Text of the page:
Going dark (inactive) for a while

That’s right, I’m going inactive. My love for the law hasn’t changed, that’s for sure. I am still fascinated with the law, and love having the ability to make a real change in the world.

I have just been fortunate enough to become involved in a technology startup in San Diego that seriously has the potential to change the world. Tillster, Inc. is redefining digital ordering and engagement for the restaurant industry. In a nutshell, we make awesome apps for fast food companies; and I get to manage a super talented team of software engineers.

Although I’m not practicing law at the moment, I will continue to stay “in the loop” by attending networking events, touching base with my fellow colleagues, and studying the ever-changing landscape of technology law.

Blasting off for now to where I’m needed most: the Internet!

Hello world!

Welcome to my website. This is more than the default first post that comes with a new website. This is my first post in an exciting new chapter of my life and career. For the first time, I am writing a blog post as an attorney in the State of California.

In my years of blog writing, I have always maintained a high level of professionalism. That hasn’t changed. I always make sure to check my facts and think twice before posting anything online. I have always been that way. But now, it’s different. Now, anything I write is held to a higher standard than anything I’ve written ever before. Continue reading “Hello world!” »

PROTECT IP, SOPA, Etc. Are Too Simple of Solutions To a Complex Problem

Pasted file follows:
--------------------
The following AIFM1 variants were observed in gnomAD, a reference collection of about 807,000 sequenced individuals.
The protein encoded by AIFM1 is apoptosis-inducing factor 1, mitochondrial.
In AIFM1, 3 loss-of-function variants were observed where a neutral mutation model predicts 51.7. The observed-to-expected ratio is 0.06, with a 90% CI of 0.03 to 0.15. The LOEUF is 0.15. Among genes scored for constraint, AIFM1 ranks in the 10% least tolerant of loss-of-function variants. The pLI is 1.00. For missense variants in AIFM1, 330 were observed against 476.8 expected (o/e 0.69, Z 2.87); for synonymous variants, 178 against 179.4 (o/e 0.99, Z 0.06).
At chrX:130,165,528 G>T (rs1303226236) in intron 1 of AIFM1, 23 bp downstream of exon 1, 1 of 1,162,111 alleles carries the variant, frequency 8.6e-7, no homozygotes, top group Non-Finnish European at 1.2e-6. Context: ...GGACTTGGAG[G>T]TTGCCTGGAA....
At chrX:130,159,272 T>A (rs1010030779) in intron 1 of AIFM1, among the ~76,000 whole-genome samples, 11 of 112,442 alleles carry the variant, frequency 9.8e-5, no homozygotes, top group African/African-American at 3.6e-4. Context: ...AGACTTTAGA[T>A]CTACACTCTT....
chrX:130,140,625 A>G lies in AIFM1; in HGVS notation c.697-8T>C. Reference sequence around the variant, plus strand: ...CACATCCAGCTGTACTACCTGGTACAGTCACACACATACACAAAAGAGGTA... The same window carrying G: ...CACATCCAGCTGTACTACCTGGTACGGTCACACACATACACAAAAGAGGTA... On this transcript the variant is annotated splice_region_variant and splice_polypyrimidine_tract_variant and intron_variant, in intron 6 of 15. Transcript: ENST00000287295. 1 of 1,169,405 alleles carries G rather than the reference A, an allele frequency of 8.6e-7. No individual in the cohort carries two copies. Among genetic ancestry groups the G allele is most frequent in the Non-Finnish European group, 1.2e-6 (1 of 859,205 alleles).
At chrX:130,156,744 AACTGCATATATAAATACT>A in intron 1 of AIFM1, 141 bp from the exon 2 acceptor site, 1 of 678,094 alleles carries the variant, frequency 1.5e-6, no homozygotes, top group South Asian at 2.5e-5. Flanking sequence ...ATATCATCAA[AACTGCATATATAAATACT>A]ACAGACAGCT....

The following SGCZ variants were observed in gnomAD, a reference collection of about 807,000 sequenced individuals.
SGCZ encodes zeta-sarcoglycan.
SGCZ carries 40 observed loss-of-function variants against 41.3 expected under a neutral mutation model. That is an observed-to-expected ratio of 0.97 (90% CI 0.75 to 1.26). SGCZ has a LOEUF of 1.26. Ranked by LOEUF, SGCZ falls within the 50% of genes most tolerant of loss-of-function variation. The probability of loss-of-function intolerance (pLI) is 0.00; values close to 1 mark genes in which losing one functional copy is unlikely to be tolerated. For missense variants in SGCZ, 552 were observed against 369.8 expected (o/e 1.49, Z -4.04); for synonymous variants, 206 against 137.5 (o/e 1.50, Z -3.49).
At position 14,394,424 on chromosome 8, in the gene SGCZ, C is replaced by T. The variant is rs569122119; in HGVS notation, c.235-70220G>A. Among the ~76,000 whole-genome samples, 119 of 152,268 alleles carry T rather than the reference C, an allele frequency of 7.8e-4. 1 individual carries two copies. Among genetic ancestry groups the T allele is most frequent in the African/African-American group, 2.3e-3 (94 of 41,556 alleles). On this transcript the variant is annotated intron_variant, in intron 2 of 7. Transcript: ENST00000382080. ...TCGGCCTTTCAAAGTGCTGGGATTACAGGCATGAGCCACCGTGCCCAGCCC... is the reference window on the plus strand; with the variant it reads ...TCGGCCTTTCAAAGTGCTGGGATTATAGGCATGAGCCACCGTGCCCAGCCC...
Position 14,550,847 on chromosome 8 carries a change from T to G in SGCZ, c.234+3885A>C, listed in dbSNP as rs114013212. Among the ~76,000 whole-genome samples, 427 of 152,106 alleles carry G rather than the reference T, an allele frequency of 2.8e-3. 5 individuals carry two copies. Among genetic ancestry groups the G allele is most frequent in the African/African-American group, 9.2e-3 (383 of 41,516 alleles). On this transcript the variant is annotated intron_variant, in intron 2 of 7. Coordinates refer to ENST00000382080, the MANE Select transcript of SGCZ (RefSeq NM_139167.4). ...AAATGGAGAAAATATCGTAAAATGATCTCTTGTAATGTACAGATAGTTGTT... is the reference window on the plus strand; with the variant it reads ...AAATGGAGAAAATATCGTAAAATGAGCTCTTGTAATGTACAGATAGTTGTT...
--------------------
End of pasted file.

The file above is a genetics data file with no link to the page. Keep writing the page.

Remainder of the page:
Last year I wrote about how PROTECT IP Act and similar legislation poses a major threat to the internet and attempts to solve a complex problem the wrong way. My thesis is below.

While PROTECT IP addresses serious problems facing the modern internet, it violates due process, poses serious risks to the security and stability of the internet, and flies in the face of free speech.

Read the full article on Google Docs here.

Google’s Monopoly: The Sherman Act’s Inability to Protect Competition and Promote Advertiser and Publisher Rights in Internet Advertising

Google’s dominance in the search market has given them a monopoly over the Internet Advertising market. They have used that monopoly power to deny certain publisher and advertiser rights without consequence.

Click here to read the full article (322 KB PDF, 32 pages)

Update: Since writing this article, Google has released much of the information which was at issue (like the breakdown of Google’s cut of ad revenues). Further, US and European antitrust investigations and resolutions have been resolved in line with some of the solutions proposed within the article.